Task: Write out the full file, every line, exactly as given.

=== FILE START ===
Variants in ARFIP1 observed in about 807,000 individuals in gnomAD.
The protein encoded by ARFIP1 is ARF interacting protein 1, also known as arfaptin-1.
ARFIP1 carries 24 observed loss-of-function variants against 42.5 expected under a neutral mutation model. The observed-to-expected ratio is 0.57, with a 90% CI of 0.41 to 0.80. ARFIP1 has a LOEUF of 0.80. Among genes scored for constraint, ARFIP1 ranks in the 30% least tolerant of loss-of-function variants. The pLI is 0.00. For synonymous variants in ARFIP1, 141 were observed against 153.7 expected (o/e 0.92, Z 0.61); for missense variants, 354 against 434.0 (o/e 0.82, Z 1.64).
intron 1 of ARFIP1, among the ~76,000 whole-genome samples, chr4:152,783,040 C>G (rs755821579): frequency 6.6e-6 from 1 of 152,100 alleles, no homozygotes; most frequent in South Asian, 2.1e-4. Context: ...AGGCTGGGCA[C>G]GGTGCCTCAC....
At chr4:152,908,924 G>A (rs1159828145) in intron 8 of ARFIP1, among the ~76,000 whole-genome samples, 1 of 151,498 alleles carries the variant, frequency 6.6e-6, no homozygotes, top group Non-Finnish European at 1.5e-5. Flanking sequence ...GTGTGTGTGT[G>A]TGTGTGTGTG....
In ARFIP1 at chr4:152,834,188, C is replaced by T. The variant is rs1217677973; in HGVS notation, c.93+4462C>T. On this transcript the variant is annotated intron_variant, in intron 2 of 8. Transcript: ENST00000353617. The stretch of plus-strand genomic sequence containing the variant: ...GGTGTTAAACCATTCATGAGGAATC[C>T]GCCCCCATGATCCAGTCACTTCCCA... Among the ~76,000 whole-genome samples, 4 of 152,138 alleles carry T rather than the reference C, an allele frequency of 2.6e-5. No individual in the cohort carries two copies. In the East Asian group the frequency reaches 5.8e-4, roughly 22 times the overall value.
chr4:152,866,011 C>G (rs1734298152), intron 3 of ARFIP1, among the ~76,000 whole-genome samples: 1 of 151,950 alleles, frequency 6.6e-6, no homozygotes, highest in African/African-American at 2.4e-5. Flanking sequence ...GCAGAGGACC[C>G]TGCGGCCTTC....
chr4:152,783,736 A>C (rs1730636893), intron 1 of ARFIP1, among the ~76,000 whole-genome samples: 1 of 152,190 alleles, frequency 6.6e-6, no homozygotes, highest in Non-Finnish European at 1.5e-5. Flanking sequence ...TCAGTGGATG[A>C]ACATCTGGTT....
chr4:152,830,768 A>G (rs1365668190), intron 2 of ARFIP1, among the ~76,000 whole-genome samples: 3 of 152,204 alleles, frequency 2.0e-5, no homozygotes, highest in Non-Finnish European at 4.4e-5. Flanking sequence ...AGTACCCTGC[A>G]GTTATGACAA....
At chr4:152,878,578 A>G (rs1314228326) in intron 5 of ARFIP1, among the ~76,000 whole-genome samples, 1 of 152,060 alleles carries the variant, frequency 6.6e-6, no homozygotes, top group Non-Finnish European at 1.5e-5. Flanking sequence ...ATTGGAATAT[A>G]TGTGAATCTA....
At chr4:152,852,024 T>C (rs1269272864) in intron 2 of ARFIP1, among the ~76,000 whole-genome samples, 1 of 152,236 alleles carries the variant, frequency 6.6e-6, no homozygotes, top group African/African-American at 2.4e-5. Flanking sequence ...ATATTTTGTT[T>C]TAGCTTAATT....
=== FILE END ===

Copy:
Variants in ARFIP1 observed in about 807,000 individuals in gnomAD.
The protein encoded by ARFIP1 is ARF interacting protein 1, also known as arfaptin-1.
ARFIP1 carries 24 observed loss-of-function variants against 42.5 expected under a neutral mutation model. The observed-to-expected ratio is 0.57, with a 90% CI of 0.41 to 0.80. ARFIP1 has a LOEUF of 0.80. Among genes scored for constraint, ARFIP1 ranks in the 30% least tolerant of loss-of-function variants. The pLI is 0.00. For synonymous variants in ARFIP1, 141 were observed against 153.7 expected (o/e 0.92, Z 0.61); for missense variants, 354 against 434.0 (o/e 0.82, Z 1.64).
intron 1 of ARFIP1, among the ~76,000 whole-genome samples, chr4:152,783,040 C>G (rs755821579): frequency 6.6e-6 from 1 of 152,100 alleles, no homozygotes; most frequent in South Asian, 2.1e-4. Context: ...AGGCTGGGCA[C>G]GGTGCCTCAC....
At chr4:152,908,924 G>A (rs1159828145) in intron 8 of ARFIP1, among the ~76,000 whole-genome samples, 1 of 151,498 alleles carries the variant, frequency 6.6e-6, no homozygotes, top group Non-Finnish European at 1.5e-5. Flanking sequence ...GTGTGTGTGT[G>A]TGTGTGTGTG....
In ARFIP1 at chr4:152,834,188, C is replaced by T. The variant is rs1217677973; in HGVS notation, c.93+4462C>T. On this transcript the variant is annotated intron_variant, in intron 2 of 8. Transcript: ENST00000353617. The stretch of plus-strand genomic sequence containing the variant: ...GGTGTTAAACCATTCATGAGGAATC[C>T]GCCCCCATGATCCAGTCACTTCCCA... Among the ~76,000 whole-genome samples, 4 of 152,138 alleles carry T rather than the reference C, an allele frequency of 2.6e-5. No individual in the cohort carries two copies. In the East Asian group the frequency reaches 5.8e-4, roughly 22 times the overall value.
chr4:152,866,011 C>G (rs1734298152), intron 3 of ARFIP1, among the ~76,000 whole-genome samples: 1 of 151,950 alleles, frequency 6.6e-6, no homozygotes, highest in African/African-American at 2.4e-5. Flanking sequence ...GCAGAGGACC[C>G]TGCGGCCTTC....
chr4:152,783,736 A>C (rs1730636893), intron 1 of ARFIP1, among the ~76,000 whole-genome samples: 1 of 152,190 alleles, frequency 6.6e-6, no homozygotes, highest in Non-Finnish European at 1.5e-5. Flanking sequence ...TCAGTGGATG[A>C]ACATCTGGTT....
chr4:152,830,768 A>G (rs1365668190), intron 2 of ARFIP1, among the ~76,000 whole-genome samples: 3 of 152,204 alleles, frequency 2.0e-5, no homozygotes, highest in Non-Finnish European at 4.4e-5. Flanking sequence ...AGTACCCTGC[A>G]GTTATGACAA....
At chr4:152,878,578 A>G (rs1314228326) in intron 5 of ARFIP1, among the ~76,000 whole-genome samples, 1 of 152,060 alleles carries the variant, frequency 6.6e-6, no homozygotes, top group Non-Finnish European at 1.5e-5. Flanking sequence ...ATTGGAATAT[A>G]TGTGAATCTA....
At chr4:152,852,024 T>C (rs1269272864) in intron 2 of ARFIP1, among the ~76,000 whole-genome samples, 1 of 152,236 alleles carries the variant, frequency 6.6e-6, no homozygotes, top group African/African-American at 2.4e-5. Flanking sequence ...ATATTTTGTT[T>C]TAGCTTAATT....